artificial intelligence, Semantics

To Bot, Or Not To Bot

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Are Bots the Future of Computing?

Bots — simple computer-based [micro] services that you interact with conversationally — are being hailed by some as the next wave of computing, a profound platform shift and the most exciting technology since the iPhone.

Microsoft this week became the latest technology provider to strategically embrace bots and offer a framework for developing them. Microsoft joins Facebook, Slack, WeChat, Kik and many others. In Microsoft’s case, as with several others, bots are a part of a continued push into a broad set of technologies centered around artificial intelligence or AI.

But let’s forget AI for a moment. This trend towards functional capabilities delivered as well-bounded, discrete services goes back at least as far as IT concepts such as object-oriented programming and  component-based development (think of a method or web service like “CheckBalance” or “MakeDeposit”). To some degree this basic idea is also manifest in app connection frameworks such as IFTTT and associated app integration platforms like Zapier. The rapid trend towards hosting services in cloud environments and making them easily accessible through Application Programming Interfaces (APIs) has now provided much of the infrastructure or connective tissue to enable the rise of bots.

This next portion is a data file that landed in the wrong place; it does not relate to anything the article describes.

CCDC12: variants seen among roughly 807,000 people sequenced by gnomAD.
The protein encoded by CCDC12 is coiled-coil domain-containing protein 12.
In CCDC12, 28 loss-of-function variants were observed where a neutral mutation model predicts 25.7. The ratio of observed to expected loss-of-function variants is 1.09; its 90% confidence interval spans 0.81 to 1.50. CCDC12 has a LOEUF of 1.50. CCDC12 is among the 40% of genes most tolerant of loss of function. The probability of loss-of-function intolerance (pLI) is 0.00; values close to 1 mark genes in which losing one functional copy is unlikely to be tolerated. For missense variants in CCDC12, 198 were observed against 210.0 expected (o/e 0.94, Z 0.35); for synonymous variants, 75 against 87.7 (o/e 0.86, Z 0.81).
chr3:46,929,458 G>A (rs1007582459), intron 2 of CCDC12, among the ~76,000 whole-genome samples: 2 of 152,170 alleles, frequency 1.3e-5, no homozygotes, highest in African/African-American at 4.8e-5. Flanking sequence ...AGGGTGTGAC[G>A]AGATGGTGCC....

If you’re a business looking at where technology is headed as part of your product strategy, you may be asking if bots are likely to truly transform digital products and whether that’s a good or a bad thing. Personally I think they have the potential to be transformative and that they will indeed be a good thing. As with other major tech disruptions, the transformation will almost certainly not happen overnight and as it goes mainstream it won’t necessarily look like this first wave of the technology. But I’m convinced bots are coming (some are here already) and smart businesses should start now exploring the opportunities that will come from building products using a bot model.